In Conversation: Ed Edwards and Mark Thomas

The acclaimed playwright Ed Edwards' England & Son was written for Mark Thomas. Their story began at the Fringe, five years ago.

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England & Son
Photo by Alex Brenner
Published 14 Aug 2023

Ed: Where did we first meet? 

Mark: I came to see your show, at Summerhall, because it looked great: The Political History of Smack and Crack? I’m in. Then we met outside as I was enthusing about it in my normal calm way. We started having these great old natters about colonialism, empire, all of that. 

Ed: Then I had an idea, and thought ‘ooh, Mark’d like this.’ For me [England & Son], it's a horror story, a ghost story, about how Britain is haunted by this sense that we’re still an oppressive nation. All this stuff about Saudi Arabia, but we're bombing Yemen, Syria, Libya. That attitude of liberal intervention comes straight out of the empire playbook; ‘we're civilizing them!’ So it’s sort of about that, for me. 

Mark: I like to think it's a psychological Greek tragedy set within the context of the British Empire.

Ed: Exactly. That's far better.

Mark: It's a good excuse for me to run around, play different characters. One of the things I love about your writing: that rawness, it doesn’t feel filtered, it's an exciting way of performing. I’ve acted some characters in my other shows, and I did a breakfast play at the Traverse – they promised me a bacon roll, and I'm fairly cheap – but this is the first time that I've been in someone else's play.

Ed: But you also manage to be yourself. Because that was my worry, that people would be thinking ‘great, a Mark Thomas show,’ then turn up and go ‘what the fuck is this?’ So I was really relieved that it’s still a Mark Thomas show. Because I was thinking ‘oh my god, we'll have to put a warning on it.’

Mark: ‘No knob gags.’

Ed: I think there are a couple. The thing is, I want it to be entertaining too. I couldn’t write something that hasn’t got lots of twists and turns, and jokes.

Mark: What I'd like people to get out of this, I'd like people to think ‘I want to come back to the theatre.’ I went to drama school when I was 18, which I loved; within the first term I was in someone’s assessment play, painting myself for a body art thing. So I’ve that kind of background, and I haven't gone back to that at all. But then this is not traditional theatre.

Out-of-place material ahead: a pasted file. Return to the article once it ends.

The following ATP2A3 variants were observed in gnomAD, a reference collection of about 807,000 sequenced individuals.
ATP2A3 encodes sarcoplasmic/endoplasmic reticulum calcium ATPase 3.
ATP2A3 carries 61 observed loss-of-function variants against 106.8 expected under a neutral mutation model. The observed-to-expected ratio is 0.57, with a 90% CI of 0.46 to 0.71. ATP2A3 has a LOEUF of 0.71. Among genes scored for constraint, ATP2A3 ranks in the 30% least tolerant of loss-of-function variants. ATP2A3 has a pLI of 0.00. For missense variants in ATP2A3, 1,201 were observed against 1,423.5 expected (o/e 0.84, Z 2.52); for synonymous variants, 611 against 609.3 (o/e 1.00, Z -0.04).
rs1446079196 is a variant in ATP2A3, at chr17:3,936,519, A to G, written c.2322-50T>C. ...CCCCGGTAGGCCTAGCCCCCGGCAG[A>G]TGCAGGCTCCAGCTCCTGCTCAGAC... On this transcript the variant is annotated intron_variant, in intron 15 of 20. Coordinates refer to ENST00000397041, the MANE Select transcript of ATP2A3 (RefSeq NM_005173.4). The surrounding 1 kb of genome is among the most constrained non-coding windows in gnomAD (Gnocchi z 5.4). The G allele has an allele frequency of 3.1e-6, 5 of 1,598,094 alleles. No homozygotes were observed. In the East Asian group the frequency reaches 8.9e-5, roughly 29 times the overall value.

Ed: I do write plays, but it’s not naturalism, people don't walk on and have conversations. As soon as I see a sofa on stage, I've got to leave. 

Mark: I'm like that with French windows. I think, ‘some cunt’s coming through that with a tennis racket.’

Ed: Right. So I always try to do something different. Did you try the new ending last night?

Mark: I did, and I love the fact that we're about to go to Edinburgh, and we go ‘fuck, whats the ending?’ That's thrilling. I always trust you to write something that’s going to be exciting.

Ed: And then we need Cressida [Brown, director] to come and say ‘what the fuck does this mean?’ She’s the force there.  

Mark: Cress is amazing. You and I both have the capacity to go off on tangents at the drop of a hat. I always knew there’d be awkward days, slightly out of my comfort zone. And what Cress is brilliant at, she provides incredible structure, really insightful. It's brilliant to work with people you really like and respect.

Ed: What is nice, is having someone to write for who inspires you.

Fest: Could you become the Scorsese and De Niro of experimental theatre? 

Ed: I’m up for it. 

Mark: We regard this show as our Taxi Driver moment. And now we're going to be working towards our Goodfellas.